The Gift Aid scheme allows charities or Community Amateur Sports Clubs (CASC) to take a taxpayer’s donation and, provided all the qualifying conditions are met, to reclaim the basic rate tax. This allows for an extra 25p of tax relief on every pound donated to charity.

HMRC will accept that where a person due a refund decides to donate this to the charity, the charity can still claim gift aid subject to the following:

  • the individual does not receive a benefit as a result of their donation, agrees that the cost of their ticket becomes a donation and completes a Gift Aid declaration.
  • the charity must also keep an audit trail, including a copy of the agreement from an individual agreeing to the donation of the cost of the ticket.

The charity no longer has to physically refund the ticket price for the individual to re-donate. If a charity event has been postponed and not cancelled, any tickets for that event are not eligible for the temporary changes.

Tax-Free Childcare scheme

The Tax-Free Childcare Scheme (TFCS) is open to all eligible families with children under 12. It was announced as part of the Budget measures that a service improvement will be made to ensure the TFCS is compatible with school payment agents. This will allow parents of up to 500,000 school-aged children across the UK to access the TFCS and use it towards the cost of their wraparound childcare (such as breakfast and after-school clubs).

The TFCS helps support working families with their childcare costs. The scheme provides for a government top-up on parental contributions. For every 80p in the £1 contributed by parents an additional 20p or 20% will be funded by the government up to a maximum total of £10,000 per child per year. This will give parents an annual savings of up to £2,000 per child (and up to £4,000 for disabled children until the age of 17) in childcare costs.

The scheme is open to all qualifying parents including the self-employed and those on a minimum wage. The scheme is also available to parents on paid sick leave as well as those on paid and unpaid statutory maternity, paternity and adoption leave. In order to be eligible to use the scheme, parents will have to be in work at least 16 hours per week and earn at least the National Minimum Wage or Living Wage. If either parent earns more than £100,000, both parents are unable to use the scheme.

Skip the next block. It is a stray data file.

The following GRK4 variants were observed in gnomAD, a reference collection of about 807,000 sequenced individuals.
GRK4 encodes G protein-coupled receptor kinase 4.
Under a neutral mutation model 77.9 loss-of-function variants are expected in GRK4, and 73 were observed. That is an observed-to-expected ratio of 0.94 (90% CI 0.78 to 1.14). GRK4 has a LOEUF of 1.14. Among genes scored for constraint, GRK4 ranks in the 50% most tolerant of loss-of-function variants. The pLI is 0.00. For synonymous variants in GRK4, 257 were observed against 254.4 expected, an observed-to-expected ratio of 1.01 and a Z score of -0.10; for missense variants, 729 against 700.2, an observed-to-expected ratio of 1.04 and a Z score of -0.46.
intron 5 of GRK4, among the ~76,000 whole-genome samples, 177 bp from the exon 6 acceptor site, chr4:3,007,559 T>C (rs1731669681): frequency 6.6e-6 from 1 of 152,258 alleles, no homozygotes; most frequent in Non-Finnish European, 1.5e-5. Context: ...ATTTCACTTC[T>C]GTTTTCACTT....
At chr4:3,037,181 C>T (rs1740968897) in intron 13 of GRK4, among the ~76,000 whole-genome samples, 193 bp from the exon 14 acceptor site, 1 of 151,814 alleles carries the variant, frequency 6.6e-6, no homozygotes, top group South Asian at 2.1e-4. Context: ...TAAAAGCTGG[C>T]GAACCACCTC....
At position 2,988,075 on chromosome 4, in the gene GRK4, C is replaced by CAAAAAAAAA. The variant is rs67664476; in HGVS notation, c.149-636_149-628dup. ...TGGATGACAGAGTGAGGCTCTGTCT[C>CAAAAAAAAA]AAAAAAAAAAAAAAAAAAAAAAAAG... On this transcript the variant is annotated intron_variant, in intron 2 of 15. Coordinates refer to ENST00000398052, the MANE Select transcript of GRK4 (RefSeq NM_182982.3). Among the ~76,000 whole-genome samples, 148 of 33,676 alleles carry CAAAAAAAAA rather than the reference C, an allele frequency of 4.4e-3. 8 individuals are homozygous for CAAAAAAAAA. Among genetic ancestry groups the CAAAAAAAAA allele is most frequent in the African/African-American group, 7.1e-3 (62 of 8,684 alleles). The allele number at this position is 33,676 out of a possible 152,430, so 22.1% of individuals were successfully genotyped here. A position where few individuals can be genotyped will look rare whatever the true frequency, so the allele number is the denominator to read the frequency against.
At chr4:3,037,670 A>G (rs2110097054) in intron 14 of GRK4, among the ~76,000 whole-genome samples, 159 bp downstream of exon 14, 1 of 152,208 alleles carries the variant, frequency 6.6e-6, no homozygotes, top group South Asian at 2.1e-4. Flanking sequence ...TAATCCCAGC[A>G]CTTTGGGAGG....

The earnings limit does not apply to newly self-employed who started their business in the last 12 months. In addition, as self-employed income can vary, profits can be averaged across the tax year if it is necessary in order to meet the minimum income requirement.

Junior ISAs

Junior ISAs were introduced to encourage parents to save money for their children and to provide an alternative to the Child Trust Funds (CTF) that were only available to children born after 31 August 2002 and before 3 January 2011. It is possible to transfer CTF funds to a Junior ISA.

Junior ISAs were made available in November 2011 after CTFs were phased out. However, unlike the CTF accounts, the government does not contribute any public funds. Investments are available in cash or stocks and shares and a child can have one or both types of Junior ISA.

The money in the account belongs to the account holder. The child can control their account from the age of 16, although any money saved cannot be withdrawn until they turn 18. Junior ISAs automatically turn into an adult ISA when the child turns 18.

Any income from CTFs or Junior ISAs is exempt from Income Tax and CGT on the child or the parent even where the invested funds came from the child’s parents. The current subscription limit for both CTFs and Junior ISAs is £4,368. It has been confirmed that the limit will increase to a generous £9,000 from 6 April 2020.

Tax treatment when transferring income streams

Special rules apply to transfers of income streams. The rules make it clear that the sale of an income stream – designed to turn economic income into a return that is treated by tax law as capital – is unlikely to work. For example, shareholders could sell the right to receive a large company dividend in exchange for an amount almost equal to the dividend, without selling the shares. Legislative is in place to ensure that the Income Tax payable on such a receipt cannot be avoided.

The transfers of income streams legislation ensure that receipts derived from a right to receive income (and which are economic substitutes for income) are to be treated as income for the purposes of Corporation Tax and Income Tax.

Where the transferee is a company, it is taxable on its accounting profit from acquiring the income stream. This will generally be the difference between the cost of the income stream and the amount of income it actually receives. There is no similar relief or special treatment for non-corporate transferees. The legislative provisions do not apply under certain limited circumstances.